Field Notes- Finland

I come to Helsinki twice a year, usually for my work trips. Most of the trips are about closed door conference hall meetings in a hotel. And Dinners at night usually with union partners and colleagues. Sometimes, I also get to meet with some young members, mostly in seminars, where I interact with them and inform them about trade union situation in South Asia. Last night was a change. A change in my usual schedule where 10 Finnish trade union members last night. They were part of the group who visited India 2 years ago for a 2 week long study tour. This time they hosted me for an informal get together and dinner. we had lots of discussions over some beer, tea, and some dinner. Informal dinner and beers are a great recipe for conversations. People open up more and share stories. We had a few interesting conversations and I share some observations here.


  • Many of the union members campaigned really hard amidst their members to try and influence their voting decisions to the social democratic parties and other liberal parties. Their objectives were to be campaign against the rightist/conservative and xenophobic parties. But they say they did not succeed much. However, the social Democratic Party still won and will be the majority party in the ruling coalition. Workers, like India, here also do not vote on labor identity lines yet.
  • I told them that in the seminars that I speak over the years, questions have changed. Earlier, about 4 years ago, the members used to ask me, how their union support is helping the movements in the global south and what can they do more? Now since last year the questions have changed and they ask, “Why should we support movements abroad, when our own situations are deteriorating?’ Why should we do solidarity projects, when we are ourselves  losing jobs?”. The questions have turned more inward looking.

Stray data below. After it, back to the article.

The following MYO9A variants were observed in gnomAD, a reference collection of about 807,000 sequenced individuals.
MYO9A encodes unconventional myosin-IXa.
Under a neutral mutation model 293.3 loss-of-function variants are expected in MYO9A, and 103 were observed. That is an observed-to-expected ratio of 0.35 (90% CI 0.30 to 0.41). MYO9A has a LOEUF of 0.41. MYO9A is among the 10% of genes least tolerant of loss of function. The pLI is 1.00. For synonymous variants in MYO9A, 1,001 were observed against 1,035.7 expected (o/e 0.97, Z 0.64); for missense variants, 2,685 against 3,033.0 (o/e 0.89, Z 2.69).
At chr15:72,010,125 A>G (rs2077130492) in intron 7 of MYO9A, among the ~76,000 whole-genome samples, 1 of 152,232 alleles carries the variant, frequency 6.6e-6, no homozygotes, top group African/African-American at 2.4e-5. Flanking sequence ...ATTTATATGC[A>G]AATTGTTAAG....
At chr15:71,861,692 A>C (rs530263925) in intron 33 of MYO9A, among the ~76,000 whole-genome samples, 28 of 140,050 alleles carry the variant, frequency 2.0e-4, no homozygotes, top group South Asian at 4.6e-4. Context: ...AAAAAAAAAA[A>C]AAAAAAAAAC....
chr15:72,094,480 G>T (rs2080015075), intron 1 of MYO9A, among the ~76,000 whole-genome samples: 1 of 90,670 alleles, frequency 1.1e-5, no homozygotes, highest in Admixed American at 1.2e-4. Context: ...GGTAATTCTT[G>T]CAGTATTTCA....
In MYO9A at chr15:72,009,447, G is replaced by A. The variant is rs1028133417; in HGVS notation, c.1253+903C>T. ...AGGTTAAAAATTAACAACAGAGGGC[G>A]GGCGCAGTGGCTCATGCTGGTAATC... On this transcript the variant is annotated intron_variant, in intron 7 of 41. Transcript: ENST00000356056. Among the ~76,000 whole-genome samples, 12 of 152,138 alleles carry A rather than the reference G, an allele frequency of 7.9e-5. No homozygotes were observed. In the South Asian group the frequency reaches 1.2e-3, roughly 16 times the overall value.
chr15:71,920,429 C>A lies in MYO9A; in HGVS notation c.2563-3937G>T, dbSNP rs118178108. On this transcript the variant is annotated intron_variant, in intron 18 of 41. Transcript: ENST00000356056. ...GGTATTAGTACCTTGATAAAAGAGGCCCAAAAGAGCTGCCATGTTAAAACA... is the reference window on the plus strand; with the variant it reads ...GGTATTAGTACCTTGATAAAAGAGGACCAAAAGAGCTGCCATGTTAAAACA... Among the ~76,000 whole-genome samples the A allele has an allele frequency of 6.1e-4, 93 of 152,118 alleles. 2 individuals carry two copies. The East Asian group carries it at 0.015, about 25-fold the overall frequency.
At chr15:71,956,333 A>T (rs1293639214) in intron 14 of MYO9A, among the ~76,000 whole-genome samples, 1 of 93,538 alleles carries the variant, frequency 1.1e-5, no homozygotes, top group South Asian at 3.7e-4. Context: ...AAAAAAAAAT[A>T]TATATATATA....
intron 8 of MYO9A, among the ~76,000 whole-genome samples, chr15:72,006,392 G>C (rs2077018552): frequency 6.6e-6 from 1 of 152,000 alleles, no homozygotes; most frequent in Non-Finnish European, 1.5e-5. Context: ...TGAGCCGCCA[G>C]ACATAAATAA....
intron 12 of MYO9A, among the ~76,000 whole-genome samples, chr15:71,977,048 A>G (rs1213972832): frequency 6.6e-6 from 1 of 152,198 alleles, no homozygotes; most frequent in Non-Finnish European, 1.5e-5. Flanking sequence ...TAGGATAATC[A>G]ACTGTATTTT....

• Unions here are also very male dominated with aged individuals getting most of the leadership positions.
  • The rate at which the unions are losing members are very high and the union movement will have to pull up their socks if they have the stop this process. The young members told me that they are disappointed at how the leadership is not realising this.
  • There is an increasing class gap between those who work for the unions and the general members. The union officials get much better salaries than their members, which in turn is creating a sense of alienation from the real issues of the workers.
  • A young worker, who lost a seat at the union board in an election (which she thought she deserved) highlighted at she was particularly angry at elderly leaders coming and consoling her saying, “you are still young, and will have more opportunities to be at the board”. She highlights that to them, her age mattered more than her hard work. She highlights that the union leadership do not reflect the union membership. While leaders are mostly men, and middle and older age, the membership was mixed with young members, women and men. To her the leadership should also reflect the same proportion.

Interesting learnings !!!!


Leave a Reply